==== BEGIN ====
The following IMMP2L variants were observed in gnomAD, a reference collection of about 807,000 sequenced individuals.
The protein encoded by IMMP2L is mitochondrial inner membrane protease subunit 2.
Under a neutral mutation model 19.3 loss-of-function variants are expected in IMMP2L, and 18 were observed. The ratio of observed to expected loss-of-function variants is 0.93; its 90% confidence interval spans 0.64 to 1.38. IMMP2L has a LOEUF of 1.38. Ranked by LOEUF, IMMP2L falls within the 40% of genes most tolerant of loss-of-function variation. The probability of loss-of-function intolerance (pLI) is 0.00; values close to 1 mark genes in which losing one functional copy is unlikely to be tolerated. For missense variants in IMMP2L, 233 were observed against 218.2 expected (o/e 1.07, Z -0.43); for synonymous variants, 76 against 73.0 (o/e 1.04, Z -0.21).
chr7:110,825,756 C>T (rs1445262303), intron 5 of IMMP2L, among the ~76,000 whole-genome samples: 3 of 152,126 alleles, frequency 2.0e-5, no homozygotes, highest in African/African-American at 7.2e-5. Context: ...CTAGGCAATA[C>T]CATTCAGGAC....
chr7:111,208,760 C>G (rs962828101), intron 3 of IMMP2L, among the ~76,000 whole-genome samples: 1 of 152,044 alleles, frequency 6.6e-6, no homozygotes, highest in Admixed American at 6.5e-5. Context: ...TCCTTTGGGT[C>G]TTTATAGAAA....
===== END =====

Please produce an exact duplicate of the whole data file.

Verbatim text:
The following IMMP2L variants were observed in gnomAD, a reference collection of about 807,000 sequenced individuals.
The protein encoded by IMMP2L is mitochondrial inner membrane protease subunit 2.
Under a neutral mutation model 19.3 loss-of-function variants are expected in IMMP2L, and 18 were observed. The ratio of observed to expected loss-of-function variants is 0.93; its 90% confidence interval spans 0.64 to 1.38. IMMP2L has a LOEUF of 1.38. Ranked by LOEUF, IMMP2L falls within the 40% of genes most tolerant of loss-of-function variation. The probability of loss-of-function intolerance (pLI) is 0.00; values close to 1 mark genes in which losing one functional copy is unlikely to be tolerated. For missense variants in IMMP2L, 233 were observed against 218.2 expected (o/e 1.07, Z -0.43); for synonymous variants, 76 against 73.0 (o/e 1.04, Z -0.21).
chr7:110,825,756 C>T (rs1445262303), intron 5 of IMMP2L, among the ~76,000 whole-genome samples: 3 of 152,126 alleles, frequency 2.0e-5, no homozygotes, highest in African/African-American at 7.2e-5. Context: ...CTAGGCAATA[C>T]CATTCAGGAC....
chr7:111,208,760 C>G (rs962828101), intron 3 of IMMP2L, among the ~76,000 whole-genome samples: 1 of 152,044 alleles, frequency 6.6e-6, no homozygotes, highest in Admixed American at 6.5e-5. Context: ...TCCTTTGGGT[C>G]TTTATAGAAA....